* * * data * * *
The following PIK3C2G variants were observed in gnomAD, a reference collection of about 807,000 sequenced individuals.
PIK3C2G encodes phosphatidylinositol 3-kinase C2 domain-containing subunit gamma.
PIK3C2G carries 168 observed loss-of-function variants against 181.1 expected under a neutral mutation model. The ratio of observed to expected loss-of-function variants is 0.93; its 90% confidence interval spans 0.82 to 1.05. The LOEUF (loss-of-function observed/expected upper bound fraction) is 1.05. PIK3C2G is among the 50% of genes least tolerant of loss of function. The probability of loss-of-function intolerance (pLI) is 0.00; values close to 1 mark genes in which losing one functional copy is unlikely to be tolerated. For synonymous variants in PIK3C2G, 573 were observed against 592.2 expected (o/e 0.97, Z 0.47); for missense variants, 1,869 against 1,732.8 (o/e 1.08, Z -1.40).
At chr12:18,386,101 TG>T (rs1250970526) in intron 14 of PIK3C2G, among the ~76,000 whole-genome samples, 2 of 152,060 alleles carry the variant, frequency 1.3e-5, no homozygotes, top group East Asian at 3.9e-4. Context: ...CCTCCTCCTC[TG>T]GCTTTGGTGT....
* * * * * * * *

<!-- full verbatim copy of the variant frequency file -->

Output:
The following PIK3C2G variants were observed in gnomAD, a reference collection of about 807,000 sequenced individuals.
PIK3C2G encodes phosphatidylinositol 3-kinase C2 domain-containing subunit gamma.
PIK3C2G carries 168 observed loss-of-function variants against 181.1 expected under a neutral mutation model. The ratio of observed to expected loss-of-function variants is 0.93; its 90% confidence interval spans 0.82 to 1.05. The LOEUF (loss-of-function observed/expected upper bound fraction) is 1.05. PIK3C2G is among the 50% of genes least tolerant of loss of function. The probability of loss-of-function intolerance (pLI) is 0.00; values close to 1 mark genes in which losing one functional copy is unlikely to be tolerated. For synonymous variants in PIK3C2G, 573 were observed against 592.2 expected (o/e 0.97, Z 0.47); for missense variants, 1,869 against 1,732.8 (o/e 1.08, Z -1.40).
At chr12:18,386,101 TG>T (rs1250970526) in intron 14 of PIK3C2G, among the ~76,000 whole-genome samples, 2 of 152,060 alleles carry the variant, frequency 1.3e-5, no homozygotes, top group East Asian at 3.9e-4. Context: ...CCTCCTCCTC[TG>T]GCTTTGGTGT....